This is the Voodoo Doll. It is filled with raspberry jelly, so you can poke it with the pretzel "stake" and see the ooze.
Oli says that Day's Market in Provo sells these types of unique doughnuts. Maybe I"ll have to try their version of the Bacon Maple Bar for comparison.
Every once in a while, you just happen upon a gem. Put this movie in your Netflix queue, or get it from Redbox, or see if any video stores are still in existence and rent it. Watch it with the whole family. You'll all laugh and cry. Claire Danes was fantastic.
Our friends host the most fabulous Halloween dance party every single year. We happened to have some photos of this painting from last year's party, so why not turn Brent into the Abe Lincoln clown?
Steph's Mexican skull cake
And look. Someone just happened to dress up like the cake!
This is Millie's Bollywood costume that I borrowed. Sadly, I have no pictures of Millie wearing it. Why? Issues related to dog barf, hail storms, and a panic attack.
Mango from Saturday Night Live
Eve had plenty of leaves covering the back side. But Adam, not so many. Well, none.
I had to explain to my kids what a Smurf was.
Dave's Pharoah costume was pretty darn gutsy. He owned it! Steph was one of a set of 3 sassy witches.
Doesn't everyone need a plastic horse lamp hanging in their family room?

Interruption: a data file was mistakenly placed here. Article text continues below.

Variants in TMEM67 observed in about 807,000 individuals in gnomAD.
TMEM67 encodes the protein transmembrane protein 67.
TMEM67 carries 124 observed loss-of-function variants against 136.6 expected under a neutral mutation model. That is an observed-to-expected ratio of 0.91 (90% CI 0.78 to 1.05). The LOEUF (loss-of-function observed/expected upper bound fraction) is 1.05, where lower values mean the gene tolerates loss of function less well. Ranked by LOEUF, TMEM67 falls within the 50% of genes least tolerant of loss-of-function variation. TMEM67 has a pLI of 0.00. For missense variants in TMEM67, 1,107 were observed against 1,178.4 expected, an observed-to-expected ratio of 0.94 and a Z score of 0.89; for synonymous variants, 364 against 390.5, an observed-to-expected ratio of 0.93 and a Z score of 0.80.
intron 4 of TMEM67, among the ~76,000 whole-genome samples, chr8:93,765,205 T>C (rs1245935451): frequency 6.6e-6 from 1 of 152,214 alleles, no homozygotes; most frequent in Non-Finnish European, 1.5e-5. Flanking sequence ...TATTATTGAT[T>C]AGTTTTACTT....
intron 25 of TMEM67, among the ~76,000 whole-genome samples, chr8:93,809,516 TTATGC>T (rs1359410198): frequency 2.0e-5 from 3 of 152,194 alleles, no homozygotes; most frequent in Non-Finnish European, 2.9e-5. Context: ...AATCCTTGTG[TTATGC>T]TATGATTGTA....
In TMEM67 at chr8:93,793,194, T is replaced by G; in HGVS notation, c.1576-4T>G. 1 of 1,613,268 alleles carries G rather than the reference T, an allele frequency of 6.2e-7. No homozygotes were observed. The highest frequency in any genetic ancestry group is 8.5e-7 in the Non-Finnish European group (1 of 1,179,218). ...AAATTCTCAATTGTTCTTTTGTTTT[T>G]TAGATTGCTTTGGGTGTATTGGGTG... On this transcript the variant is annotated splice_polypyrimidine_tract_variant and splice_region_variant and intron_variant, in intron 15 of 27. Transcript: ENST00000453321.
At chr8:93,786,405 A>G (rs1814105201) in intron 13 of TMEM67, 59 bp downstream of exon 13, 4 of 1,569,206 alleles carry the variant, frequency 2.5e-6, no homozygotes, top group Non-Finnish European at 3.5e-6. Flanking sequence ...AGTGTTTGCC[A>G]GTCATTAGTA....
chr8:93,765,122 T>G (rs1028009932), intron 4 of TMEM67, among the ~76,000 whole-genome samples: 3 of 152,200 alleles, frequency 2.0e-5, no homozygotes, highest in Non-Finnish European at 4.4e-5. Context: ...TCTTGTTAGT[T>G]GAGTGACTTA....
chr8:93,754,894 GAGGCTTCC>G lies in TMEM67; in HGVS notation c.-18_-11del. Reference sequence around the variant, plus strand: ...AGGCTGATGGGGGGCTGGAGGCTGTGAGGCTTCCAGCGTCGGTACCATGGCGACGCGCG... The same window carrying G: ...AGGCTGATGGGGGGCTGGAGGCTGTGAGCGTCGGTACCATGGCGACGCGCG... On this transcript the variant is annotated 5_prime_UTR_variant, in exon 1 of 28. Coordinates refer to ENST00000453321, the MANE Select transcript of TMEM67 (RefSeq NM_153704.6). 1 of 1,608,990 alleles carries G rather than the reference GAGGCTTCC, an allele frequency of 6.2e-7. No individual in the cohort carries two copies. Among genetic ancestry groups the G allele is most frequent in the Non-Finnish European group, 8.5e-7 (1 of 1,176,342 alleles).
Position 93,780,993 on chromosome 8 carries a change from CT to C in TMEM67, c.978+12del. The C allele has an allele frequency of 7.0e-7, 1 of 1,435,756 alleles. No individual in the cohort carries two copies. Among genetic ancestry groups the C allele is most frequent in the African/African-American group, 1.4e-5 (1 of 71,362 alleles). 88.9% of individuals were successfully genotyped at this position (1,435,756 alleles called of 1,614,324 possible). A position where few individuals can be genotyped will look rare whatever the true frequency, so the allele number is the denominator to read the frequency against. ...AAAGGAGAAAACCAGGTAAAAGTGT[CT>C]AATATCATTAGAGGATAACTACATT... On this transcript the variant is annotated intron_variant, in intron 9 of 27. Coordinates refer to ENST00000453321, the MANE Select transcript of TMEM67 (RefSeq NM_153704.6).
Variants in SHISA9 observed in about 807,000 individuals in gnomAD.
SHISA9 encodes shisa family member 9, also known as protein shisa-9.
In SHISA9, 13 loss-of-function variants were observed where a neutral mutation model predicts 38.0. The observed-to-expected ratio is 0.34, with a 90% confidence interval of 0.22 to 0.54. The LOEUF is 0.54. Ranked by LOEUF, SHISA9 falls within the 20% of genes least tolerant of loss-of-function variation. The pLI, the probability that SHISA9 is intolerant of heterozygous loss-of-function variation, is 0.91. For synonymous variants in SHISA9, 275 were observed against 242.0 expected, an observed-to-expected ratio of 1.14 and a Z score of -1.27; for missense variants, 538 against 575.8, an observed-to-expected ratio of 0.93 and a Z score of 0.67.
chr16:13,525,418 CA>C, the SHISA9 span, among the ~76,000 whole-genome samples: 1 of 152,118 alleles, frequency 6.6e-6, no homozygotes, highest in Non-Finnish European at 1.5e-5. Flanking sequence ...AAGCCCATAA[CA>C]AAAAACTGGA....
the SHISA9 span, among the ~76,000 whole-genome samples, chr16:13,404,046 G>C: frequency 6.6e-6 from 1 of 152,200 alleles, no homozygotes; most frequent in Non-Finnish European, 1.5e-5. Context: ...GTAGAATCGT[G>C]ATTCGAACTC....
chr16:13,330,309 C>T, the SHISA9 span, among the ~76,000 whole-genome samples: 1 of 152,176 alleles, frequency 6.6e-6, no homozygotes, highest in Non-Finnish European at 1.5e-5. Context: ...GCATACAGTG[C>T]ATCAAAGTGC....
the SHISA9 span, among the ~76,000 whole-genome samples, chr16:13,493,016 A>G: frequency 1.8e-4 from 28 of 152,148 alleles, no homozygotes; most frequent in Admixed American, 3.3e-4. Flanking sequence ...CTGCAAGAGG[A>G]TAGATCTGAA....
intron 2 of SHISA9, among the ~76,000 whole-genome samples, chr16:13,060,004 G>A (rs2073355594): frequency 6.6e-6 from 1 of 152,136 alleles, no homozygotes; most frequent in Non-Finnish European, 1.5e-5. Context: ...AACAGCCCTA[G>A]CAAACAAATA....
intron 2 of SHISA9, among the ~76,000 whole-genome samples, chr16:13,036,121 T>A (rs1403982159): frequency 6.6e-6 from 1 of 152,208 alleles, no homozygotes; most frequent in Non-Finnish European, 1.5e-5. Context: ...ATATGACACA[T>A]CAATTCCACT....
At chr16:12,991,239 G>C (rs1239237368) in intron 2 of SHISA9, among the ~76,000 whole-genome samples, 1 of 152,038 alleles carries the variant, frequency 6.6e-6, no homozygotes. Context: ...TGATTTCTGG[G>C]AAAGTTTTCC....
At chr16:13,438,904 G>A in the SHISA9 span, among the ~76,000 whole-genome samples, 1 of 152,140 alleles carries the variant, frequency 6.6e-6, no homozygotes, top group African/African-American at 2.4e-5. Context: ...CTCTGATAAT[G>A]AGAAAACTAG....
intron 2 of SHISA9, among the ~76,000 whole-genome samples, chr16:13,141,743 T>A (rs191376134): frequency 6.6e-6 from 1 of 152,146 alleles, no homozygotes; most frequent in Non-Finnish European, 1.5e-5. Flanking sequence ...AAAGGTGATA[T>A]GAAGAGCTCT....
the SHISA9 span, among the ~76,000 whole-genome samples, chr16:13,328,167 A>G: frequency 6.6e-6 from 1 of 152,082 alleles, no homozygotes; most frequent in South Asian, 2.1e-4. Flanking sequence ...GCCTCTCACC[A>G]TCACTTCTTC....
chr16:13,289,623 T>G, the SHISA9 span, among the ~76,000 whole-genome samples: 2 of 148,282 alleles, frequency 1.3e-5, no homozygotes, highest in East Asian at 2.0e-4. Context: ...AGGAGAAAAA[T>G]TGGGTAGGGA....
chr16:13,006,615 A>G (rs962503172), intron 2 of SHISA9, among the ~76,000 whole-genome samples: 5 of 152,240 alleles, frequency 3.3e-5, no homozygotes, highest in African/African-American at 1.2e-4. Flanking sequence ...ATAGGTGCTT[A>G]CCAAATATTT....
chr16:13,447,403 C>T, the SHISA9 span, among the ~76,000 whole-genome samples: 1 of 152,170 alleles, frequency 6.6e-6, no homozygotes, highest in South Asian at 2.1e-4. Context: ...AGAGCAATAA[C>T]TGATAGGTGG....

Mr. Peepers from Saturday Night Live. Not only did he look the part, but he acted the part for most of the evening. Hilarious. Although, I'll admit that I had to Youtube both Mango and Mr. Peepers when I got home.
Jersey Shore group. I've never watched this reality show, but I think I get the idea.
Garage/art studio/dance room.
Some of the fellers.
Noelle had this oversized ice skating costume in her basement and was hoping it would fit somebody. Oli snatched that thing up no problem.
Simon threw this together in about a minute. There's a cute little top hat on the purple hair, but sadly, my photography skills are lacking.
I think I'm pretty normal. Maybe a few mild quirks here and there. I don't remember why it started. It probably had to do with one or more of these:
1) Running out of candy for trick-or-treaters
2) Ending up with a ridiculous excess of candy after trick-or-treaters
3) I rather like numbers and charts
For whatever reason, I began keeping a tally of trick-or-treaters back in the year 2000. If someone else in the family answers the door, they know they better add the tally marks - or else... This revised chart is much more cute and readable than the original ripped-off piece of cardboard, bent and wrinkled, with uneven lines and thick Sharpie writing.
So, in case anyone ever asks me these questions, I have the answers:
Q: What year did you have the most trick-or-treaters?
A: 2008 with exactly 200 decorated children getting candy at the door.
Q: What years were cold and miserable?
A: Easy. 2000, 2002, 2010. I don't have a record of 2004, so it could have been cold also.
Q: Over the past 10 years, what is the average number of trick-or-treaters?
Once in a while, I cook one of these for dinner for the kids. The following instructions gave me a chuckle.
Seriously? Are there people out there who would just take this out of the freezer and proceed to eat it raw? Secondly, does anyone actually put a thermometer in their pizza? Turkey, pork, candy? Yes. Pizza? Not ever.